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Paradise Lost

What happened to the first English settlers in America.

May 3, 2010, Vol. 15, No. 31 • By NELSON D. LANKFORD
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Ralegh remained obsessed with colonizing the American mainland. Besides stacking the odds in his favor for raids against the Spanish Main, a base there might serve as a beachhead for locating the Indian treasure he expected to discover farther inland, and for finding a route to the Far East. Late in 1586, he formulated plans for another colony with the hindsight provided by Lane’s experience. The first settlement’s failures, he reasoned, stemmed from the poor harbors of the Outer Banks and the unruly soldiers and artisans chosen for the task. For the next effort, Ralegh looked to civilian colonists, especially whole families, whom he would plant along the protected shores of the Chesapeake. As leader of this new venture he chose John White, the artist whose paintings remain to this day our best first glimpse of the native peoples of Virginia. 

The ships bearing White and his hundred-plus settlers followed the established route to take advantage of currents and winds, sailing south from England to the Canaries and then west to the Caribbean. They intended to stop briefly at Roanoke to gather intelligence from the token guard remaining after the first colony had abandoned the site. They found no one there—only, ominously, the bleached skeleton of one of the 15 men left behind. Unexpectedly, the ship captains disembarked their passengers at the old settlement instead of taking them on to the Chesapeake. Horn says the sources are unclear about this turn of events: He theorizes that White may even have agreed with the mariners that the first priority was to harry their enemies in the West Indies. Unencumbered by the civilians and their baggage, the sailors could scourge the Spanish and then return north at their leisure to move the colonists to the Chesapeake.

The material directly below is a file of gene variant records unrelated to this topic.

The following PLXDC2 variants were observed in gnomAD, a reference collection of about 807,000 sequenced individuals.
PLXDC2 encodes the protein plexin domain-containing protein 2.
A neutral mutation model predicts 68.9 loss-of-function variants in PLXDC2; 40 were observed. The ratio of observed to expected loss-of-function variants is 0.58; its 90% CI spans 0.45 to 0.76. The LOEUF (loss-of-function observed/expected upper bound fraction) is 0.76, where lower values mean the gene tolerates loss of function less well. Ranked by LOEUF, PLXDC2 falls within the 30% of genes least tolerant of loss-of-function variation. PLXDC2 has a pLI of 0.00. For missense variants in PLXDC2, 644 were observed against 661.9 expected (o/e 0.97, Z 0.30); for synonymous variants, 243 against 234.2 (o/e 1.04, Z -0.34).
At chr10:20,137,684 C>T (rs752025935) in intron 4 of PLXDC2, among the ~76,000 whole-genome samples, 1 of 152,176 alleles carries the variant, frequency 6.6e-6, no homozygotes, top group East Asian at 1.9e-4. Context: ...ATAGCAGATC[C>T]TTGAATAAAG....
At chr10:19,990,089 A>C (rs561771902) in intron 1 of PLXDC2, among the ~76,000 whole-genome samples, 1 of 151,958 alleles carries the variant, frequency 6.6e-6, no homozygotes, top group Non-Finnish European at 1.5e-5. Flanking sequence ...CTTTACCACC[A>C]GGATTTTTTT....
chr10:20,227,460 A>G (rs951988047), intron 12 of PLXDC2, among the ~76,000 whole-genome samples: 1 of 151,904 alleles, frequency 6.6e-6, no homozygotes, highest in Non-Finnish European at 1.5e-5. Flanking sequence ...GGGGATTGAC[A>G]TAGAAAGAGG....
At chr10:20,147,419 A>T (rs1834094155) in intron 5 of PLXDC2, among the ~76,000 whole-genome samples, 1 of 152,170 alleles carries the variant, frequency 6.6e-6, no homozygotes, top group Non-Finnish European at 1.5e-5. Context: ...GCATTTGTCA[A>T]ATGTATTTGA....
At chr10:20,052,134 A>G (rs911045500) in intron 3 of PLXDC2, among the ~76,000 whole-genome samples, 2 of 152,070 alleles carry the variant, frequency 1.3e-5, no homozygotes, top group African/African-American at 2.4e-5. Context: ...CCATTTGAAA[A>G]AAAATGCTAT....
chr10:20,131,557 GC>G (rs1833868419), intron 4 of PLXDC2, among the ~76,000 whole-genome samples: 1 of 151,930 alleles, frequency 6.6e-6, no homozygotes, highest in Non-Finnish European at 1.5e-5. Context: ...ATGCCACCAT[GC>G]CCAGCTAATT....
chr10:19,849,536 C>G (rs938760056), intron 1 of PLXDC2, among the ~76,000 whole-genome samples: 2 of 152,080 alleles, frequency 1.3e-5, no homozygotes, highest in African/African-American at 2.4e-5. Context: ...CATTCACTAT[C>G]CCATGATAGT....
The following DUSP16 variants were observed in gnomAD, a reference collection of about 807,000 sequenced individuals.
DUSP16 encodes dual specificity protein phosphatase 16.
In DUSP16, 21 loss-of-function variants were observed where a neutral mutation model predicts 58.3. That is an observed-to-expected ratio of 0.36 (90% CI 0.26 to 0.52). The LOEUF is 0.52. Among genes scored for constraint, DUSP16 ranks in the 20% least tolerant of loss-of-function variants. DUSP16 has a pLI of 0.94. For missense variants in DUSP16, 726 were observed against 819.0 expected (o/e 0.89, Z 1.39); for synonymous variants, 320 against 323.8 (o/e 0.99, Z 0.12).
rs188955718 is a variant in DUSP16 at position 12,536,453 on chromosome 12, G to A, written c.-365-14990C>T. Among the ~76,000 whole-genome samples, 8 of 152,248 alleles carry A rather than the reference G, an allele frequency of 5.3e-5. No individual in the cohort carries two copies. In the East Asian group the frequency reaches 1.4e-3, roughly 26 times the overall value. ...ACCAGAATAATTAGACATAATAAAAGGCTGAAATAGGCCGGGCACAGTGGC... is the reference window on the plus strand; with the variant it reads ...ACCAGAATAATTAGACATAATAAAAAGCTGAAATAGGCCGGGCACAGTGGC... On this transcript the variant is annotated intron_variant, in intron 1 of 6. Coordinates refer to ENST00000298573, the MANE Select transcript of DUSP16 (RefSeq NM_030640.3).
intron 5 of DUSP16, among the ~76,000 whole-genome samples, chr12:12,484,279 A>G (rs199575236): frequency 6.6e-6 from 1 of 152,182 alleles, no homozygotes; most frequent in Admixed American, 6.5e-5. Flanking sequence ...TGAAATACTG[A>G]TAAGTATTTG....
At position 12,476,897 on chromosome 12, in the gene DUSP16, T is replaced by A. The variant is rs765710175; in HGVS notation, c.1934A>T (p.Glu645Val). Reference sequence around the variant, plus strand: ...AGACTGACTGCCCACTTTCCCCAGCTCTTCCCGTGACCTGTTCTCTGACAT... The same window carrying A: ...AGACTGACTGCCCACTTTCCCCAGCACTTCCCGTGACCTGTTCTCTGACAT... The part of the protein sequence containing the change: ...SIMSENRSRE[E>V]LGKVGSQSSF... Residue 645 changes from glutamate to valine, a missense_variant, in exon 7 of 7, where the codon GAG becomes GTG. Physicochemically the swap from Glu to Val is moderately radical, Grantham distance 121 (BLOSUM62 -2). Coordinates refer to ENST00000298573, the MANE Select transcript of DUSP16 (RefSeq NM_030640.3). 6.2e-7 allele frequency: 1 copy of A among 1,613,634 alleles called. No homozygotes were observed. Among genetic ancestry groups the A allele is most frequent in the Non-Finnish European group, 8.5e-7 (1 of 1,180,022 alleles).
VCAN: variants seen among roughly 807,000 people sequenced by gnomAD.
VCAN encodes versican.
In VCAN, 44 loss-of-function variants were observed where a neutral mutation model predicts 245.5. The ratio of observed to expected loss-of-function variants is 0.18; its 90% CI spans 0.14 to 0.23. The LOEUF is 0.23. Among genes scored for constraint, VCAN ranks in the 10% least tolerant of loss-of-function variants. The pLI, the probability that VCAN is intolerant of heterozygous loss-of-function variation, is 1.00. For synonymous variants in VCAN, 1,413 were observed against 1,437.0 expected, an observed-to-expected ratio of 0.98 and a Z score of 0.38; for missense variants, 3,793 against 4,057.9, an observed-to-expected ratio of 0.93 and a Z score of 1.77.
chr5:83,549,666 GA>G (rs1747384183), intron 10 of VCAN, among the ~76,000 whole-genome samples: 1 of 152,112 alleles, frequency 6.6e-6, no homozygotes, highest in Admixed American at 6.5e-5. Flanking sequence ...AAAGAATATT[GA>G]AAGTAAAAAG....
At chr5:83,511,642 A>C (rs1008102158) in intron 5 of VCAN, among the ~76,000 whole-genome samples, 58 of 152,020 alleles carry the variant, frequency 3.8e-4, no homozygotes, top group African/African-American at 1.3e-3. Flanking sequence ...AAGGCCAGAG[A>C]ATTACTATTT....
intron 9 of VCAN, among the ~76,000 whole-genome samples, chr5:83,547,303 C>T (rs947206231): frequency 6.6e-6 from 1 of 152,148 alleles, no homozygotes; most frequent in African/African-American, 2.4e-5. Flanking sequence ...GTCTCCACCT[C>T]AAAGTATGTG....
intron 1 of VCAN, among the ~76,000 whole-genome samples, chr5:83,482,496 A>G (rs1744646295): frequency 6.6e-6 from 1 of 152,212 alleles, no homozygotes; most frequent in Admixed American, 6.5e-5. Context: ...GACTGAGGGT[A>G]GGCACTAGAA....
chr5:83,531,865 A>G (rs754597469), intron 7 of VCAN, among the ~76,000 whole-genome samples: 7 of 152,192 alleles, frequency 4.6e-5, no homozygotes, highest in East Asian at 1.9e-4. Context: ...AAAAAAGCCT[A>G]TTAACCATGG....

Despite this change in their plans, the settlers were buoyant with optimism for their enterprise. A supply ship arrived precisely as planned, and every one of their number enjoyed remarkable good health. A delay at Roanoke for a few weeks or even months, it seemed, could hardly impede their journey toward the Chesapeake where they meant to found the city of Ralegh. 

All was not well in John White’s Eden, however. Skirmishes with hostile Indians going back to the days of Ralph Lane’s settlement should have tempered the colonists’ enthusiasm. An English reprisal raid for the murder of a solitary colonist made matters worse when it mistakenly targeted the village of a friendly tribe. While they waited to move farther north, the colonists decided to send an emissary back with the supply vessel to report on their tenuous progress, and organize a second wave. Reluctantly, White agreed to that role. He was the only one close enough to Ralegh to make the case for another expedition. 

On his return to England, White succeeded beyond his dreams. Ralegh responded by gathering a large fleet, but then the Privy Council abruptly countermanded his orders. Events a year before had presaged this reversal. In February 1587, while White was still in London enlisting settlers for the voyage, the capital lit bonfires of joy over the news of one long-awaited death. The executioner’s axe had at last severed the neck of Mary, Queen of Scots. England’s delight at the demise of this supposed Catholic menace to Protestant rule prompted Spain’s Philip II to set in train his “Enterprise of England.” Threatened by the Spanish Armada, England could spare no ships for the New World. 

White did not find a ship captain to take him back to Virginia until 1590. By then, three years had passed since he had left his family and friends, including his granddaughter, Virginia Dare, the first English child born in America. When White finally returned to Roanoke Island, he found no one. The settlement was intact, abandoned, yet he discovered none of the prearranged signs to indicate distress, only the name of an Indian town, “Croatoan,” carved into the palisade gatepost. A malign star shone on White’s fortunes: His ship’s captain refused even to look further for the missing colonists and returned with the embittered artist to England. Nearly 20 years passed before Englishmen revived the dream of settling Virginia.  

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